Consider a Career in Genetic Counseling

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Master's degree in Genetic Counseling

There are many mental health degrees that involve getting a Master’s degree. One interesting option is that a Genetic Counselor. A Genetic counselor is trained to interpret genetic test results . In addition, they counsel individuals and families seeking information about inherited conditions (e.g., how these conditions may affect them or their families). As you can imagine, a Genetic Counselor is a skilled communicator because they must discuss the complex language of genetic issues into easy-to-understand terms. 

2) Individuals who meet with a Genetic Counselor are often those with family members who have a birth defect or genetic disorder, or those who may be at risk for such a defect or disorder (e.g., cancer). It should also be noted that a pregnancy may warrant a visit to a Genetic Counselor to determine risk factors for certain diseases and abnormalities and whether prenatal testing is warranted. Just to add a couple of quick points about pregnancy issues. A genetic counselor may meet with individuals prior to conception when both parents carry a certain trait or to discuss any risks involved with or discovered during prenatal testing.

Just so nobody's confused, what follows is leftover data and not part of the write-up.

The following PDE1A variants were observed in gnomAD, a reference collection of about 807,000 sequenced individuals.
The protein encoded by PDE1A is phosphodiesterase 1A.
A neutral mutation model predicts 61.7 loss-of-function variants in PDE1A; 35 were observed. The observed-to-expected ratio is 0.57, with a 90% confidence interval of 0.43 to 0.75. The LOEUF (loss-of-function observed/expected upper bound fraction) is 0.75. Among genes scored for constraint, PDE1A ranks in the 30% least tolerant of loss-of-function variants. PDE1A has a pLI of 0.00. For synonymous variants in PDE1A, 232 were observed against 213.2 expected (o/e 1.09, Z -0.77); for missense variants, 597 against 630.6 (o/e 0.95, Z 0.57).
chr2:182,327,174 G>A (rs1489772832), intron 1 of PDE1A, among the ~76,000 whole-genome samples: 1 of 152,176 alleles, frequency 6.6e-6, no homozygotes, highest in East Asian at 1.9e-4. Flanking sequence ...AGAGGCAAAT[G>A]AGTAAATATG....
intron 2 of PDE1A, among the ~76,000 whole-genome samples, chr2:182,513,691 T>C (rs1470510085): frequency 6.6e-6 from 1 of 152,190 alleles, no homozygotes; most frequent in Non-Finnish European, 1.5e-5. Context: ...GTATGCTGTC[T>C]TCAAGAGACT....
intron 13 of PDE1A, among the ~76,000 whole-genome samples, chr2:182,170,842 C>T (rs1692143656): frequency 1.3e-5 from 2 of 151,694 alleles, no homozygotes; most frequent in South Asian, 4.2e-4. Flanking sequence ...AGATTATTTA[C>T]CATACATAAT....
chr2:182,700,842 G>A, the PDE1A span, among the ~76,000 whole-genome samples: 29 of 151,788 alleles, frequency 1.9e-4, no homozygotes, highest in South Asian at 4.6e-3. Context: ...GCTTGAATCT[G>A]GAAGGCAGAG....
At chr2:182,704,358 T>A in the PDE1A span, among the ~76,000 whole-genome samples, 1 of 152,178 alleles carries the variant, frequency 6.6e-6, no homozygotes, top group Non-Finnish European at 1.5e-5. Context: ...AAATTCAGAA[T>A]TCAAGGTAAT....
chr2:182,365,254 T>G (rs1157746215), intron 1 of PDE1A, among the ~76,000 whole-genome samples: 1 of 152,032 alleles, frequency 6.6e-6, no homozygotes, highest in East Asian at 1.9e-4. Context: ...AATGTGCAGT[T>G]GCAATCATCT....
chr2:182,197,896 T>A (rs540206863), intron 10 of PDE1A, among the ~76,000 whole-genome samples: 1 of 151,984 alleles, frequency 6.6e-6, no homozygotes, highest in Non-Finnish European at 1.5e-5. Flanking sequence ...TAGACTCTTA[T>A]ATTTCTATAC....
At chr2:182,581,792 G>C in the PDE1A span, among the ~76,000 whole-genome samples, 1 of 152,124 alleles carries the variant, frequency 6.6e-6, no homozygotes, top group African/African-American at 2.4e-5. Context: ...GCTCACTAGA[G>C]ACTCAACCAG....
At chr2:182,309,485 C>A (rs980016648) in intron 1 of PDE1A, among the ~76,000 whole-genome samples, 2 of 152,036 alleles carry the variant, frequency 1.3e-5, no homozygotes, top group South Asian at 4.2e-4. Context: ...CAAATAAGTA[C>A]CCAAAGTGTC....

3) Thinking about becoming a Genetic Counselor? As an undergraduate you should try your best to get lab experience. In addition, see if you can get an internship that involves working with others. Finally, your application will be much stronger with courses in Biology, Genetics, and Biochemistry.

4) Certification as a Genetic Counselor will require an undergraduate degree, a Master’s degree in genetic counseling from an accredited program in the US and Canada (http://gceducation.org/Pages/Accredited-Programs.aspx), and passing a certification exam.

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5) Upon becoming certified, you will likely work in a university medical center, private and public hospitals, or a physicians’ offices. 

This is a great career option--check out the website for the National Society of Genetic Counselors at http://www.nsgc.org/

Please note that the comments of Dr. Golding and the others who post on this blog express their own opinion and not that of the University of Kentucky.

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